First published in 1952, Witness came on the heals of America's trial of the century, in which Whittaker Chambers accused Alger Hiss, a full-standing member of the political establishment, of spying for the Soviet Union. In this penetrating philosophical memoir, Chambers recounts the famous case as well as his own experiences as a Communist agent in the United States, his later renunciation of communism, and his conversion to Christianity. Chambers' worldview - "man without mysticism is a monster" - helped to make political conservatism a national force. Witness packs the emotional wallop and the literary power of a classic Russian novel and has gained Chambers recognition by critics on both sides of the spectrum as a truly gifted writer.More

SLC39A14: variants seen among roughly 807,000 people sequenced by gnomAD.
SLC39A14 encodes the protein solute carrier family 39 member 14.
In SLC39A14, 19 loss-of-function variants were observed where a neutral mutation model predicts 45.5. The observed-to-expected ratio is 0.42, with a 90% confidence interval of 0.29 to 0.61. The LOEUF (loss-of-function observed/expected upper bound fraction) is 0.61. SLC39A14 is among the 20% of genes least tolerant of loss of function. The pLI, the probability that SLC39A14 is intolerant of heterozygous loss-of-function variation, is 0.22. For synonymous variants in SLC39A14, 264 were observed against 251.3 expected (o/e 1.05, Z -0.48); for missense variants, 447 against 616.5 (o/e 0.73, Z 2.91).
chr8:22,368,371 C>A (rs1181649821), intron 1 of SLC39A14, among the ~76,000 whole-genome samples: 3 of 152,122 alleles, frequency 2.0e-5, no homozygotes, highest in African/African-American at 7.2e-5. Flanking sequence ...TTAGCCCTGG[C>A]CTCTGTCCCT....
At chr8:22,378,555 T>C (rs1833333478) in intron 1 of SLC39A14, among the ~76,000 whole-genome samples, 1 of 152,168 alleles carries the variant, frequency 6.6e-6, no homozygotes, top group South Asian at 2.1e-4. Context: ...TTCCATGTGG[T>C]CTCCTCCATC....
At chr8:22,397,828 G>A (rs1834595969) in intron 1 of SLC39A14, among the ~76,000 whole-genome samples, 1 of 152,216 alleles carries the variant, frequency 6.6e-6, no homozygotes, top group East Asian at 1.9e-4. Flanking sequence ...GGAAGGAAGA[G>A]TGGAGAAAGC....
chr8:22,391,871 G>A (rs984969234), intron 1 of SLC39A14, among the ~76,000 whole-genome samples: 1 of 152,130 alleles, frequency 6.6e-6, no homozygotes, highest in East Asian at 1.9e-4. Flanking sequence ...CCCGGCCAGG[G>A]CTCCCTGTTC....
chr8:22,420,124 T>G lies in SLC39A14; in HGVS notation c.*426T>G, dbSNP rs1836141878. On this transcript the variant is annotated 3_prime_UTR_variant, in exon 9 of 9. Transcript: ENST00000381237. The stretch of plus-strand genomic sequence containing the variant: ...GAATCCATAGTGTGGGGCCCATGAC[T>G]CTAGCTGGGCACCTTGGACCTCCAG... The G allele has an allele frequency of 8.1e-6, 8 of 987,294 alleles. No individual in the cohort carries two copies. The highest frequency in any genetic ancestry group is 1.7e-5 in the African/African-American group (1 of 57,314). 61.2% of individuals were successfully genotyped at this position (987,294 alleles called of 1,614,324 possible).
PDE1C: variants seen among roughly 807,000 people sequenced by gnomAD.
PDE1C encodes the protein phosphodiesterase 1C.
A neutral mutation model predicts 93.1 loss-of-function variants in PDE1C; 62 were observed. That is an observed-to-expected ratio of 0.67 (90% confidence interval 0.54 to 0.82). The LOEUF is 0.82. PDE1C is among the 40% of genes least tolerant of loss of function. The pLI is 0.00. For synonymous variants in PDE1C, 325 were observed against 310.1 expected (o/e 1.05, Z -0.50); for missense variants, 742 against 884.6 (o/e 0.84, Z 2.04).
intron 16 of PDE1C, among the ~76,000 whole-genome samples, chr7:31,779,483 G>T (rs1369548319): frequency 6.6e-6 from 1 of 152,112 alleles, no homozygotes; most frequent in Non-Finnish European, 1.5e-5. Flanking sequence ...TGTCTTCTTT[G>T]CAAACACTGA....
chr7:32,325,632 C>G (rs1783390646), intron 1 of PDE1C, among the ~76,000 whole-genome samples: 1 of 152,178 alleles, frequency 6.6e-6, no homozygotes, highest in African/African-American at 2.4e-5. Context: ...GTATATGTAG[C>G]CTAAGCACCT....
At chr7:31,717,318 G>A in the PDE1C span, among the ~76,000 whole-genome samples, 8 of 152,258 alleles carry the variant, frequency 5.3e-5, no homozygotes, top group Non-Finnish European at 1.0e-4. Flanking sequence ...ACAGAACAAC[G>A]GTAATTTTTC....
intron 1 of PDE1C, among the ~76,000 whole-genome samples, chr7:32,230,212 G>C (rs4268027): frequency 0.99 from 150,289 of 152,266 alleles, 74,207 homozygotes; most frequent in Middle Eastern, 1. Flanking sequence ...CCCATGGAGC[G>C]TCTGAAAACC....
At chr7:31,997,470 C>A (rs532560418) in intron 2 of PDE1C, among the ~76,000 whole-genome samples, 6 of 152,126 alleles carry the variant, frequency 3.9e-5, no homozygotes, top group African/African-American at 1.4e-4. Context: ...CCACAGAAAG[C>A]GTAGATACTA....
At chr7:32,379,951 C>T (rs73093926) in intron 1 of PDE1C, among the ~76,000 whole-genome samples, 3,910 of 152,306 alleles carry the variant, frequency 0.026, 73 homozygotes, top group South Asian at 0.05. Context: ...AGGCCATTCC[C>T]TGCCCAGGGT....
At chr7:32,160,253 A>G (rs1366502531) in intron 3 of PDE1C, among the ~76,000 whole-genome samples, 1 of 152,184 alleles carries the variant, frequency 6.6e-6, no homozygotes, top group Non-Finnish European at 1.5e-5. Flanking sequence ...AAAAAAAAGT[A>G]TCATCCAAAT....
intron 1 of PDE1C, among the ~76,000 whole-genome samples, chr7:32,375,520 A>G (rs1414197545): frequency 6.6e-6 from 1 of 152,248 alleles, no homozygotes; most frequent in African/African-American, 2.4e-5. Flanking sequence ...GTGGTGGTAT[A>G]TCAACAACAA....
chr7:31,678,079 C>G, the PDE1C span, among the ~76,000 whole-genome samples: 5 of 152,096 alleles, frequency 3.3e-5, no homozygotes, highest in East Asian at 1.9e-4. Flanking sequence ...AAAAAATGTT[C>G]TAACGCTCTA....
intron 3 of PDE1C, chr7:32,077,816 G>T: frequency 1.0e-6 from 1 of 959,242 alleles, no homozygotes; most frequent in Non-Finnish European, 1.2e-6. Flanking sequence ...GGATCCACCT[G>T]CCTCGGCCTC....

"One of the few indispensable autobiographies ever written by an American - and one of the best written too.... It deserves to be recognized as a first class achievement." (New Centurion)
"Confession, history, potboiler - by a man who writes like the literary giant we would know him as, had not Communism got him first." (Christopher Caldwell, National Review, 100 Best Non-Fiction Books of the Century)
"This many-dimensioned apologia, which is also a spy drama, a Quaker testament, and a spiritual autobiography, telescopes the major political and religious conflicts of the century." (Booklist)
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Great history about Communism
I concur - One of the best on Audible!